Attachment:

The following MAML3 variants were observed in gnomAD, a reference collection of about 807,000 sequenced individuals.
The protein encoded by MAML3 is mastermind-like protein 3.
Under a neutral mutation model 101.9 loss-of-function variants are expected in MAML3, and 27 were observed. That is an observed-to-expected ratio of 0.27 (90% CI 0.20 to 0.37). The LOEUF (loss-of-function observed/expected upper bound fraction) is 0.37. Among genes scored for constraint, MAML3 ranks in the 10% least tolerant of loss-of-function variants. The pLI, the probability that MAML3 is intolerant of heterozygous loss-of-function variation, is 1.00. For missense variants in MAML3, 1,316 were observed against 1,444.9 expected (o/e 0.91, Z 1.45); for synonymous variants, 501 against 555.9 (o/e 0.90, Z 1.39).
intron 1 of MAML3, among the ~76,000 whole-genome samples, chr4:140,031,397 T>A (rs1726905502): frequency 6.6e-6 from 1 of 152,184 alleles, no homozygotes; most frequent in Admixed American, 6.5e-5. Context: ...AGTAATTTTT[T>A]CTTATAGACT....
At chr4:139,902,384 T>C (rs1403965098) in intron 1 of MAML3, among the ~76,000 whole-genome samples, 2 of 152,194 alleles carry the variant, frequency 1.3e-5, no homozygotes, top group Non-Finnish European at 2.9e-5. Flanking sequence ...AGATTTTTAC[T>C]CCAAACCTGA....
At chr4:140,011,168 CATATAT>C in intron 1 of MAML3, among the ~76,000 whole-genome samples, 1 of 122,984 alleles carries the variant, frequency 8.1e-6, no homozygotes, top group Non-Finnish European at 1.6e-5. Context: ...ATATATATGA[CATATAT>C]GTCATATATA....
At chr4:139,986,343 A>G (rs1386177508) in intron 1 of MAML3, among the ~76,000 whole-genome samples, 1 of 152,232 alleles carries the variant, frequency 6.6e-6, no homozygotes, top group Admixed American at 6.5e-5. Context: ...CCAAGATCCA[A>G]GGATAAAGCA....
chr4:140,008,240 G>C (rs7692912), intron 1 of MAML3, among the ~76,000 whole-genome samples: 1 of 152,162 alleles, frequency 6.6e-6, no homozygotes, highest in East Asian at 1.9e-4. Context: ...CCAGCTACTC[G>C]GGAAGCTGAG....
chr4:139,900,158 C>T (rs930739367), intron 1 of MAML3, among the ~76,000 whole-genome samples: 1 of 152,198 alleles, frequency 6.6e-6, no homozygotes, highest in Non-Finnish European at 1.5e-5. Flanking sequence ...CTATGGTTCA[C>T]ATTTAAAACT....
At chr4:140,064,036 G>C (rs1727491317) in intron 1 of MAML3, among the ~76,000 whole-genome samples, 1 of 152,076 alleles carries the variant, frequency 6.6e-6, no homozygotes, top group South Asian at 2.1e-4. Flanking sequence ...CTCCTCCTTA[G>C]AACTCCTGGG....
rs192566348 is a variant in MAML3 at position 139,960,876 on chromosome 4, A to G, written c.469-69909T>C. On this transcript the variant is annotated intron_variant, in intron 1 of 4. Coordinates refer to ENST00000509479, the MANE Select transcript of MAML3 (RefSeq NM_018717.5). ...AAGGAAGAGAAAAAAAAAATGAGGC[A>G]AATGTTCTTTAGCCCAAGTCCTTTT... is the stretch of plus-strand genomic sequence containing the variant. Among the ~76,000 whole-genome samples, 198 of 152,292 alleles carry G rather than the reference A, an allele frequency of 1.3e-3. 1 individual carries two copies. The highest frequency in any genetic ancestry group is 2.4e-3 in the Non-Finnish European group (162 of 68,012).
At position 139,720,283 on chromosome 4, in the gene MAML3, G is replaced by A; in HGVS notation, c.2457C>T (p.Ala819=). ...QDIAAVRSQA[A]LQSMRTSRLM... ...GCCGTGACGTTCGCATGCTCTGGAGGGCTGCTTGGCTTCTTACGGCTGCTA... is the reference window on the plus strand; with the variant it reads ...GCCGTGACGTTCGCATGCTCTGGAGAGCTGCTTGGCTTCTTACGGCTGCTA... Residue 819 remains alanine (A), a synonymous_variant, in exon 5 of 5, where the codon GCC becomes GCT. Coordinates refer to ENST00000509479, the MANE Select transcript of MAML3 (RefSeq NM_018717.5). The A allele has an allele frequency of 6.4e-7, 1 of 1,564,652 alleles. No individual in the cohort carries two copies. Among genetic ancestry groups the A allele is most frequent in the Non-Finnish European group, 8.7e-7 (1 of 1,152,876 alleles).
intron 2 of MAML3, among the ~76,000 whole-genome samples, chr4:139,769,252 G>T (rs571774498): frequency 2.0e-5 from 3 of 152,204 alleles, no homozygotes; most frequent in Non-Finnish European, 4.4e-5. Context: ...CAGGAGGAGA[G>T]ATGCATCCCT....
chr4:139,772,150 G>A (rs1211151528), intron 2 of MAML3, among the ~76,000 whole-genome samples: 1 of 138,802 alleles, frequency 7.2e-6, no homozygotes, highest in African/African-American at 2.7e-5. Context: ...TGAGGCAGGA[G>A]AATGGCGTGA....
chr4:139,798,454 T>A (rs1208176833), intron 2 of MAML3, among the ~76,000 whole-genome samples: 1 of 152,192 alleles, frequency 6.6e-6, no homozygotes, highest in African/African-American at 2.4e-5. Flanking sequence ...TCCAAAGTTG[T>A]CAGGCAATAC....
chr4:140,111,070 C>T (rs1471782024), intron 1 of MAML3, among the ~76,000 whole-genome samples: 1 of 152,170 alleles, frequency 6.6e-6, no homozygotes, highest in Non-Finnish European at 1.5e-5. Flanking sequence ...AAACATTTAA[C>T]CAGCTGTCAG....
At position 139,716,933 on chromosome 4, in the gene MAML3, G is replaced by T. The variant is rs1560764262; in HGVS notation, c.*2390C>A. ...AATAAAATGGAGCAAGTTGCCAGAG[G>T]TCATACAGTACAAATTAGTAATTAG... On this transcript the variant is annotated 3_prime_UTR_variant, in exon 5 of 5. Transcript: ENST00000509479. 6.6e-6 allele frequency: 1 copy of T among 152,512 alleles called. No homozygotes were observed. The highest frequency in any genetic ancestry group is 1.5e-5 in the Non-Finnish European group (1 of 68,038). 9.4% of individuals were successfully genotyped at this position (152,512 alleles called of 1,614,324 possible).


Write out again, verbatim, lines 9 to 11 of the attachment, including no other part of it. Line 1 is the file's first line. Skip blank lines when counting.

chr4:139,900,158 C>T (rs930739367), intron 1 of MAML3, among the ~76,000 whole-genome samples: 1 of 152,198 alleles, frequency 6.6e-6, no homozygotes, highest in Non-Finnish European at 1.5e-5. Flanking sequence ...CTATGGTTCA[C>T]ATTTAAAACT....
At chr4:140,064,036 G>C (rs1727491317) in intron 1 of MAML3, among the ~76,000 whole-genome samples, 1 of 152,076 alleles carries the variant, frequency 6.6e-6, no homozygotes, top group South Asian at 2.1e-4. Flanking sequence ...CTCCTCCTTA[G>C]AACTCCTGGG....
rs192566348 is a variant in MAML3 at position 139,960,876 on chromosome 4, A to G, written c.469-69909T>C. On this transcript the variant is annotated intron_variant, in intron 1 of 4. Coordinates refer to ENST00000509479, the MANE Select transcript of MAML3 (RefSeq NM_018717.5). ...AAGGAAGAGAAAAAAAAAATGAGGC[A>G]AATGTTCTTTAGCCCAAGTCCTTTT... is the stretch of plus-strand genomic sequence containing the variant. Among the ~76,000 whole-genome samples, 198 of 152,292 alleles carry G rather than the reference A, an allele frequency of 1.3e-3. 1 individual carries two copies. The highest frequency in any genetic ancestry group is 2.4e-3 in the Non-Finnish European group (162 of 68,012).